Flashcards in Pharm: Acid Peptic Drugs Deck (26)
What are the notable receptors on parietal cells?
(1) H2 receptor
(2) M3 receptor
(3) gastrin/CCK-B receptor
What intracellular milieu within parietal cells triggers acid secretion? What protein secretes the acid?
(1) increased cAMP and Ca++
(2) H+/K+ ATPase pump
How is the activity of pepsin regulated by pH?
It is inactivated above a pH of 4.0 and irreversibly so above a pH of 6.0.
What is the primary cause if bile gastritis?
Surgery in which the integrity of the pylorus has been disrupted.
How does caffeine contribute to ulcer formation?
It enhances acid secretion and lowers LES pressure.
How does alcohol contribute to ulcer formation?
It is directly toxic to upper GI organs.
How does tobacco contribute to ulcer formation?
It impairs mucosal protective factors and may increase acid secretion.
From where is bicarbonate and mucus secreted?
(2) duodenal surface epithelial cells
(3) mucus neck cells
(4) Brunner glands
How do PGE1 and PGE2 protect against PUD?
(1) increase bicarbonate secretion
(2) increase mucus thickness
(3) increase mucosal blood flow
What are the notable H2 antagonists?
(1) cimetidine (Tagamet)
(2) ranitidine (Zantac)
(3) nizatidine (Axid)
(4) famotidine (Pepcid)
What are the pharmacokinetics of H2 receptor antagonists?
Rapidly absorbed with quick onset.
Hepatic metabolism via P450 system.
Continuous dosing keeps gastric pH > 4.0.
How do different types of H2 receptor antagonists interact with the P450 system?
(1) cimetidine binds avidly.
(2) ranitidine, less so.
(3) famotidine and nizatidine, not at all.
What are the notable PPIs?
(1) omeprazole (Prilosec)
(2) lansoprazole (Prevacid)
(3) rabeprazole (Aciphex)
(4) pantoprazole (Protonix)
(5) esomeprazole (Nexium)
What is the MoA of PPIs?
They irreversibly block the H+/K+ ATPase pump.
Describe the processing of PPIs from ingestion to activity within the stomach.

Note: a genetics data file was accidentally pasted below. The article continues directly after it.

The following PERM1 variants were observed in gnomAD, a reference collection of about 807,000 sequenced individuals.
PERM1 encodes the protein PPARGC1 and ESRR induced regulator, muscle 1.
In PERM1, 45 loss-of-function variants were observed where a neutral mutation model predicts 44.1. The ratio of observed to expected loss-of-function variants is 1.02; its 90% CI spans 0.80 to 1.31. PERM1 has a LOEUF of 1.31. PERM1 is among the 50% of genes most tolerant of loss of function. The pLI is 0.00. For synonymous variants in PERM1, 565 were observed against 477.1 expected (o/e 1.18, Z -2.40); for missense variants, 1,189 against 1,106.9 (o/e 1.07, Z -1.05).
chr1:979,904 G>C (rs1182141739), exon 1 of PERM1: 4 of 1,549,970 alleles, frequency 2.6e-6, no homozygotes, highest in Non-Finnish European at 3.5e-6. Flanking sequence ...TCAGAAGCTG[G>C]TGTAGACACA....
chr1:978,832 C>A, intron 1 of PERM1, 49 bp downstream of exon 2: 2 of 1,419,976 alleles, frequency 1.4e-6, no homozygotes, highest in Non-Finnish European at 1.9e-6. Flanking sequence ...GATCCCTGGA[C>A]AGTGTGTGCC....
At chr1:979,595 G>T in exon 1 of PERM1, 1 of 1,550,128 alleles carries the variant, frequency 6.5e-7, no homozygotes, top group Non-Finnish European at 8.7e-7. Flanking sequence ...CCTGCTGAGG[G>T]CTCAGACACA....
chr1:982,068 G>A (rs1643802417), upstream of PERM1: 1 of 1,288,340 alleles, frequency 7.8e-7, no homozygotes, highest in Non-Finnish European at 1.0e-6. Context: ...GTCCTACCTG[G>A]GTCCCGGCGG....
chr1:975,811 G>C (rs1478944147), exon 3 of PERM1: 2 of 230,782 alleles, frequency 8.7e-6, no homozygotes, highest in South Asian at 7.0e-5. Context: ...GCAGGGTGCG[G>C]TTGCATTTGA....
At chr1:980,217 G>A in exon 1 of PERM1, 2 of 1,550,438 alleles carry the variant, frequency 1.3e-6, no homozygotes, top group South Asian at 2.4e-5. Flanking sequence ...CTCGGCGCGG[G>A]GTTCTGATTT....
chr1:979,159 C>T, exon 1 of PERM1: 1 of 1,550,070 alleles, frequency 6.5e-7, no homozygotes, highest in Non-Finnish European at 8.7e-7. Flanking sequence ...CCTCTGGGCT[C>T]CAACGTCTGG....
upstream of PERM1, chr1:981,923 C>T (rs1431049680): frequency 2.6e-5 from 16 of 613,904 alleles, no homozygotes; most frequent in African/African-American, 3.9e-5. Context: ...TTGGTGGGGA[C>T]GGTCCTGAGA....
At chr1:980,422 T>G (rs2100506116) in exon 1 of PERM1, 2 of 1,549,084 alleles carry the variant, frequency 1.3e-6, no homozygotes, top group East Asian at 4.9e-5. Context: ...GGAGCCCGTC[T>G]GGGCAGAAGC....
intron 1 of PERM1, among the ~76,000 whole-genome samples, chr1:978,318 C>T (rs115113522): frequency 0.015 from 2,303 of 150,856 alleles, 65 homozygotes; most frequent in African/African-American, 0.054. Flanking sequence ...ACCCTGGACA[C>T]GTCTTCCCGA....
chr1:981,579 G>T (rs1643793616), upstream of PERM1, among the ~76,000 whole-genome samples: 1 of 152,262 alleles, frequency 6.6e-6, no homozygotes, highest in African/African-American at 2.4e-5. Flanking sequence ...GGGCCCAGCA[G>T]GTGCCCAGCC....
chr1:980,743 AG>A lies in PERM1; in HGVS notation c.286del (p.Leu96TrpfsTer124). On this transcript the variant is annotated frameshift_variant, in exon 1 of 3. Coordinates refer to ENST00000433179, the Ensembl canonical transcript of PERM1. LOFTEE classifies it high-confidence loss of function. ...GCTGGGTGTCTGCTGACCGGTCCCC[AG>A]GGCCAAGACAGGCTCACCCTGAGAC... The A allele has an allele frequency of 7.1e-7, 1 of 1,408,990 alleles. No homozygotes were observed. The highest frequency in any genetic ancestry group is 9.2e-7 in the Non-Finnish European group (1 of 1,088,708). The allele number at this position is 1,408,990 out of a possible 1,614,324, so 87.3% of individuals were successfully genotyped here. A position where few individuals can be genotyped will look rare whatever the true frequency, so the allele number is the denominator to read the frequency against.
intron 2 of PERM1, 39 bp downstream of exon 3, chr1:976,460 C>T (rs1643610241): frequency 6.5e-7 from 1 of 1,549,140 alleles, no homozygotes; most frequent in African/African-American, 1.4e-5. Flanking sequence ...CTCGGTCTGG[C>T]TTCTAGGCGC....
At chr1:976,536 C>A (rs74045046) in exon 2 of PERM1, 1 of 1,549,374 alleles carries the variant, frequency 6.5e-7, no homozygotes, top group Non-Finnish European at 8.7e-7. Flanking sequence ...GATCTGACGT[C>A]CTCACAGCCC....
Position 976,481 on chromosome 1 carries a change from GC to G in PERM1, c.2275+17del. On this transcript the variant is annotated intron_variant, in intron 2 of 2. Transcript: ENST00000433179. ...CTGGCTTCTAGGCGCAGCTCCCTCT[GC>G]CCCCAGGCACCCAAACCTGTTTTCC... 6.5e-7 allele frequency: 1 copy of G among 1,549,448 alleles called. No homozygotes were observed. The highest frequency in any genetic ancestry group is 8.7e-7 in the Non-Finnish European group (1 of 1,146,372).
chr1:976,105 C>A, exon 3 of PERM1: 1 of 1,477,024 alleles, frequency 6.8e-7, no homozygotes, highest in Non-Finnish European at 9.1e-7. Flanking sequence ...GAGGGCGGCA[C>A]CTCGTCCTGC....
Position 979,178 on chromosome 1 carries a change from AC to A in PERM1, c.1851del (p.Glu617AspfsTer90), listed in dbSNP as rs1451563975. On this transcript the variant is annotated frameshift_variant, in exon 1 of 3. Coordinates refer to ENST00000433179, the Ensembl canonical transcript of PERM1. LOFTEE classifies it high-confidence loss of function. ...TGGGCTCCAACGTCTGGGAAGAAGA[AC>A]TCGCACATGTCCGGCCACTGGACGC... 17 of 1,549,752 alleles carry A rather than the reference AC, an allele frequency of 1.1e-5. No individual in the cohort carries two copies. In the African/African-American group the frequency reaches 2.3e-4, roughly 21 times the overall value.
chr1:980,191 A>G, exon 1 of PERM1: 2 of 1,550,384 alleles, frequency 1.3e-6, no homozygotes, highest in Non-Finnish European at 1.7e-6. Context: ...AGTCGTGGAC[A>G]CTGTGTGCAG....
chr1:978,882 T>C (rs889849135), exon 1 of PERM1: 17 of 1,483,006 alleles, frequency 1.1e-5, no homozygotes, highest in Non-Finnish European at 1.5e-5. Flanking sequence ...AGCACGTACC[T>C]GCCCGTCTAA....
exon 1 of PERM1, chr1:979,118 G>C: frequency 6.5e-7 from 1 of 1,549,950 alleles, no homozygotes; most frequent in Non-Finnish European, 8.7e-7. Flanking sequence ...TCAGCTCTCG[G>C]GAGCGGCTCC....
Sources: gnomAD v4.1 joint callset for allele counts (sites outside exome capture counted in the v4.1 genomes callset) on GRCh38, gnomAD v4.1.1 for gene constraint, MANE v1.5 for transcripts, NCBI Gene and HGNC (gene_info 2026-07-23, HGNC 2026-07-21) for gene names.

(1) Taken orally as prodrugs in an acid-resistant coating.
(2) The coating is dissolved in the alkaline environment of the small intestine.
(3) The lipophilic prodrug is delivered throughout the bloodstream, remaining inactive at neutral pH or higher.
(4) It arrives at parietal cells protonated, concentrated and sulfonated.
What are the adverse effects of PPIs?
(1) increased gastrin secretion
(2) hip fracture from long-term use
(3) possibly increased respiratory infections
What is the MoA of antacids?
As weak bases they neutralize gastric acid to form a salt and water.
What are the different chemical compositions of antacids?
(1) aluminum and magnesium hydroxides (Mylanta and Maalox)
(2) sodium bicarbonate (Alka Seltzer)
(3) calcium carbonate (Tums)
What are adverse effects of antacids?
(1) chalky taste
(2) Mg++: diarrhea, muscle weakness
(3) Al+++: constipation, may contribute to osteomalacia
(4) Ca++: rebound acid secretion, nephrocalcinosis
What treatment regimens are commonly used for H. pylori?
(1) clarithromycin, amoxicillin, PPI
(2) clarithromycin, metronidazole, PPI
(3) levofloxacin, metronidazole, PPI, bismuth subsalicylate
What can be done for patients with PUD that need NSAID therapy?
(1) concomitant PPI
(2) concomitant PGE analogue
(3) possibly coxibs (provided low CVD risk)
What is the PGE2 analogue of choice for PUD?
What are adverse effects of misoprostol?
(1) bloating, diarrhea
How do PGE2 analogues offset NSAIDs?
They protect against gastric ulcers and hemorrhage.
Chemically, what is sucralfate?
A complex salt of sucrose sulfate and aluminum hydroxide.